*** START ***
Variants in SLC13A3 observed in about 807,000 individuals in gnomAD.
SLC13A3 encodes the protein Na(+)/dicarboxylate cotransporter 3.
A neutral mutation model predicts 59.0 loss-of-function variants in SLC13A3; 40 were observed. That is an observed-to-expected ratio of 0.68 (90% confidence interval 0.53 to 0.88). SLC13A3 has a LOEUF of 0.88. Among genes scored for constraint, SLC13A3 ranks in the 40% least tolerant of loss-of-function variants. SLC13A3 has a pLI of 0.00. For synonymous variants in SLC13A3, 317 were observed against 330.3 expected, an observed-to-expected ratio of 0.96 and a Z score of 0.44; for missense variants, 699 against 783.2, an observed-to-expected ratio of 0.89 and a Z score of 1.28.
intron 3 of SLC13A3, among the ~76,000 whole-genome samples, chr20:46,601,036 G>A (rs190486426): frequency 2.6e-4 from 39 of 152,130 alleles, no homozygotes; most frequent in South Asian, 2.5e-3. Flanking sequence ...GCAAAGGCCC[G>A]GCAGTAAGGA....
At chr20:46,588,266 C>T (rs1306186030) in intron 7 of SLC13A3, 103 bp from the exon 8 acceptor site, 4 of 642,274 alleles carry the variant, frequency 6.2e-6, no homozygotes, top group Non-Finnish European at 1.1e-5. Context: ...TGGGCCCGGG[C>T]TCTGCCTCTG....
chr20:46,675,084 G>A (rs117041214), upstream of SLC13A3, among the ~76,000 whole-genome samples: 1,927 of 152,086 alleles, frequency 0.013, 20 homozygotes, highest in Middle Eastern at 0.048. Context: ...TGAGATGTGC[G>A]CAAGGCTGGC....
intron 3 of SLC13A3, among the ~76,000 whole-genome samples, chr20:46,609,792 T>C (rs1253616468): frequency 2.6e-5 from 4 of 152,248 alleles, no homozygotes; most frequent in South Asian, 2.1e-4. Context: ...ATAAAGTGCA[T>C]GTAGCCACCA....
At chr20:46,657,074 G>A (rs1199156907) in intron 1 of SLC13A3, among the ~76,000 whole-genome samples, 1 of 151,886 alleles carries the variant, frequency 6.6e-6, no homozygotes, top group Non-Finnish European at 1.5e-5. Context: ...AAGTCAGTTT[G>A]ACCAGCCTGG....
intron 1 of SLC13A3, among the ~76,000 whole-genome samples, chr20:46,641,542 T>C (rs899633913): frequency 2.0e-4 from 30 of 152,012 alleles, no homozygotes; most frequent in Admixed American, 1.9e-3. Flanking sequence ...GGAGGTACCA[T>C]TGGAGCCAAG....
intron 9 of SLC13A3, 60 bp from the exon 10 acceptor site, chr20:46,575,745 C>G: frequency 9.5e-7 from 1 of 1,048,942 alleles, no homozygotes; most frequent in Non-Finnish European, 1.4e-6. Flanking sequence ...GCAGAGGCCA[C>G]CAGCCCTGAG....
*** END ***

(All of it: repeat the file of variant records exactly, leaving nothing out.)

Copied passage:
Variants in SLC13A3 observed in about 807,000 individuals in gnomAD.
SLC13A3 encodes the protein Na(+)/dicarboxylate cotransporter 3.
A neutral mutation model predicts 59.0 loss-of-function variants in SLC13A3; 40 were observed. That is an observed-to-expected ratio of 0.68 (90% confidence interval 0.53 to 0.88). SLC13A3 has a LOEUF of 0.88. Among genes scored for constraint, SLC13A3 ranks in the 40% least tolerant of loss-of-function variants. SLC13A3 has a pLI of 0.00. For synonymous variants in SLC13A3, 317 were observed against 330.3 expected, an observed-to-expected ratio of 0.96 and a Z score of 0.44; for missense variants, 699 against 783.2, an observed-to-expected ratio of 0.89 and a Z score of 1.28.
intron 3 of SLC13A3, among the ~76,000 whole-genome samples, chr20:46,601,036 G>A (rs190486426): frequency 2.6e-4 from 39 of 152,130 alleles, no homozygotes; most frequent in South Asian, 2.5e-3. Flanking sequence ...GCAAAGGCCC[G>A]GCAGTAAGGA....
At chr20:46,588,266 C>T (rs1306186030) in intron 7 of SLC13A3, 103 bp from the exon 8 acceptor site, 4 of 642,274 alleles carry the variant, frequency 6.2e-6, no homozygotes, top group Non-Finnish European at 1.1e-5. Context: ...TGGGCCCGGG[C>T]TCTGCCTCTG....
chr20:46,675,084 G>A (rs117041214), upstream of SLC13A3, among the ~76,000 whole-genome samples: 1,927 of 152,086 alleles, frequency 0.013, 20 homozygotes, highest in Middle Eastern at 0.048. Context: ...TGAGATGTGC[G>A]CAAGGCTGGC....
intron 3 of SLC13A3, among the ~76,000 whole-genome samples, chr20:46,609,792 T>C (rs1253616468): frequency 2.6e-5 from 4 of 152,248 alleles, no homozygotes; most frequent in South Asian, 2.1e-4. Context: ...ATAAAGTGCA[T>C]GTAGCCACCA....
At chr20:46,657,074 G>A (rs1199156907) in intron 1 of SLC13A3, among the ~76,000 whole-genome samples, 1 of 151,886 alleles carries the variant, frequency 6.6e-6, no homozygotes, top group Non-Finnish European at 1.5e-5. Context: ...AAGTCAGTTT[G>A]ACCAGCCTGG....
intron 1 of SLC13A3, among the ~76,000 whole-genome samples, chr20:46,641,542 T>C (rs899633913): frequency 2.0e-4 from 30 of 152,012 alleles, no homozygotes; most frequent in Admixed American, 1.9e-3. Flanking sequence ...GGAGGTACCA[T>C]TGGAGCCAAG....
intron 9 of SLC13A3, 60 bp from the exon 10 acceptor site, chr20:46,575,745 C>G: frequency 9.5e-7 from 1 of 1,048,942 alleles, no homozygotes; most frequent in Non-Finnish European, 1.4e-6. Flanking sequence ...GCAGAGGCCA[C>G]CAGCCCTGAG....